My Radio Show
— cypherpunk106 (@cypherpunk106) March 5, 2018
The production of my radio show was both fun and tedious. Writing the show was great, adding in every detail we could and creating the plot was exhilarating! The recording of our show was exciting since I got the chance to act, which I don’t normally get to do. Getting into character and making the story sound all the more real was a challenge that I truly enjoyed.
Once that part was over, however, the hours of editing weighed me down. I already knew I was the person who would spend four hours editing a two minute clip (no exaggeration), but when this fifteen minute monster came knocking on my door I had to buckle down and get to work. We got sounds from all over, whether they were from free sound websites or sounds I had recorded for different projects or recordings we made ourselves. I usually get super obsessive over projects I am passionate about, so the hours editing flew by. At one point, I was ready to stop listening to my own voice, especially in places where I thought I could have said my lines better.
After everything was said and done (or, said and edited) I was, and still am, incredibly proud of our final radio show. The effects, acting, and story all came together seamlessly and I am endlessly satisfied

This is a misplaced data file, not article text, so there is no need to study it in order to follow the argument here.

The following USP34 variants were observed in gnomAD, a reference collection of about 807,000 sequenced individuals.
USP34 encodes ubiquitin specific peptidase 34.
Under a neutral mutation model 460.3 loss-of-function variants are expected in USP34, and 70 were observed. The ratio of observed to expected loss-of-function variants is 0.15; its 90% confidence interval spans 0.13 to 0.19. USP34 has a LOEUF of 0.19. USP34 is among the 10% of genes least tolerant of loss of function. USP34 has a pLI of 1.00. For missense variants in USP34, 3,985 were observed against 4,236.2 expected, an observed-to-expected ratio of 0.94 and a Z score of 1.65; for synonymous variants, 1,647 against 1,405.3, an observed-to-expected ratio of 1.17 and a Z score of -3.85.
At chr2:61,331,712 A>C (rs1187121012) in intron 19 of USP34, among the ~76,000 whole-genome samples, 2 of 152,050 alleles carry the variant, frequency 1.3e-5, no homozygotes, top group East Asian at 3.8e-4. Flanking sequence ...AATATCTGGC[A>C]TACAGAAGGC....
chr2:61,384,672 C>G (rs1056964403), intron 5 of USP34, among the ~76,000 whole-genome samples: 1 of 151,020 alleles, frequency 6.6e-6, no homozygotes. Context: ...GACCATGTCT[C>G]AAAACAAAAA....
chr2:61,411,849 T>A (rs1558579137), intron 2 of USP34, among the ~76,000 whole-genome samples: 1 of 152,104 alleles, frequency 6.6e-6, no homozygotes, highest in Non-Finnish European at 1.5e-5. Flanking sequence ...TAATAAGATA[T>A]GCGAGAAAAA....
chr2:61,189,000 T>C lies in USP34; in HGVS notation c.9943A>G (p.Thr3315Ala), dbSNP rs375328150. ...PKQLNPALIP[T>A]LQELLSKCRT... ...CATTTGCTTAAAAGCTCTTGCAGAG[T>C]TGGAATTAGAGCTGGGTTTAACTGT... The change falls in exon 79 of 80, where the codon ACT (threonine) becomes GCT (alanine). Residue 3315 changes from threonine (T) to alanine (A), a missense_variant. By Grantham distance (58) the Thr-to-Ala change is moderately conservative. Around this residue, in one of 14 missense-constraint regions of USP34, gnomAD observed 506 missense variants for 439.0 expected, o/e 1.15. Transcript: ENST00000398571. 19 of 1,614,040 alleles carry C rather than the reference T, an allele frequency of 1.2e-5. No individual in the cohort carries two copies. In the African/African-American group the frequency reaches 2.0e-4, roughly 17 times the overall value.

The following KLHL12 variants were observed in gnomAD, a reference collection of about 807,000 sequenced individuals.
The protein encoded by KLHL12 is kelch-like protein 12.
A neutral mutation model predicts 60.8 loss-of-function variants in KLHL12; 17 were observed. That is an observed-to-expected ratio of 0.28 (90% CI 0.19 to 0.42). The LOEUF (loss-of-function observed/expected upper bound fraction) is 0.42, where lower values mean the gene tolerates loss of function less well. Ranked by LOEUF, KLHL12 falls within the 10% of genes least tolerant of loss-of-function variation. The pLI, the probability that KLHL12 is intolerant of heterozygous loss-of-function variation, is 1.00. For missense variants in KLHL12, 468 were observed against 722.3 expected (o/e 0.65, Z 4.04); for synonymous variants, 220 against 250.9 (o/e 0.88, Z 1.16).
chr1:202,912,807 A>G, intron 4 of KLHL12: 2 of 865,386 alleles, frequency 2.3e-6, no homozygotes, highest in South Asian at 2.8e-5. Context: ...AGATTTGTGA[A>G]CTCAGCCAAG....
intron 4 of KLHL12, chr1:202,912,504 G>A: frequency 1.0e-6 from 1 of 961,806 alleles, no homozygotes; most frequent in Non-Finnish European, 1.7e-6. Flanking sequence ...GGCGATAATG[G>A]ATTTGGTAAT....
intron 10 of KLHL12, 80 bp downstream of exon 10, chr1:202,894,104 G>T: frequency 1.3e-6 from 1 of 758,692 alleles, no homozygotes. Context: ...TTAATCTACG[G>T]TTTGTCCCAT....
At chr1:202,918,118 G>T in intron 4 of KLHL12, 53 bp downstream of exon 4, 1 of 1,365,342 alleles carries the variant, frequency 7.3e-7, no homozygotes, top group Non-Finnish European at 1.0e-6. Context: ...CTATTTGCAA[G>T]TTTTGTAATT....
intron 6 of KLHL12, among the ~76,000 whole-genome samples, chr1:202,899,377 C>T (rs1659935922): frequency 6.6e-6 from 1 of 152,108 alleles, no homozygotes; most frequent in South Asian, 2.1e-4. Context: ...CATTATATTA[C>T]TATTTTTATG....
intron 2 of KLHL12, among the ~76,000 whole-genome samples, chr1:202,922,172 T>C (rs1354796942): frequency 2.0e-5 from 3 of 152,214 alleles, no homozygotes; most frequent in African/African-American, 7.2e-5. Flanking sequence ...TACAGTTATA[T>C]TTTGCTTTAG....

Others’ Radio Shows!
Listening to everyone’s final radio shows was so interesting! The freedom of the assignment lead to some really interesting products!
Survivors at Sunrise had the neat idea to make an almost casual talk show. Including a Q&A, advice, gossip, and plain chatter all together was super cool when combined with the theme of the apocalypse. Their show gave way to some really interesting tweets that are hilarious taken out of context.
— Katie Hartraft (@KatieHartraft) March 22, 2018
WUMW had an energetic blend of rocking music and dramatic apocalyptic plot that escalated VERY quickly.
— Anne Armour (@aarmour96) March 23, 2018
Tuning in to each others’ radio shows and talking through them on Twitter was a fun way to build community among all of the students. GIFs and comments and responding to everyone made the experience all the more interactive and engaging! Our radio shows were no longer just a project that once published it was done for good. Rather they became shared experiences with our classmates.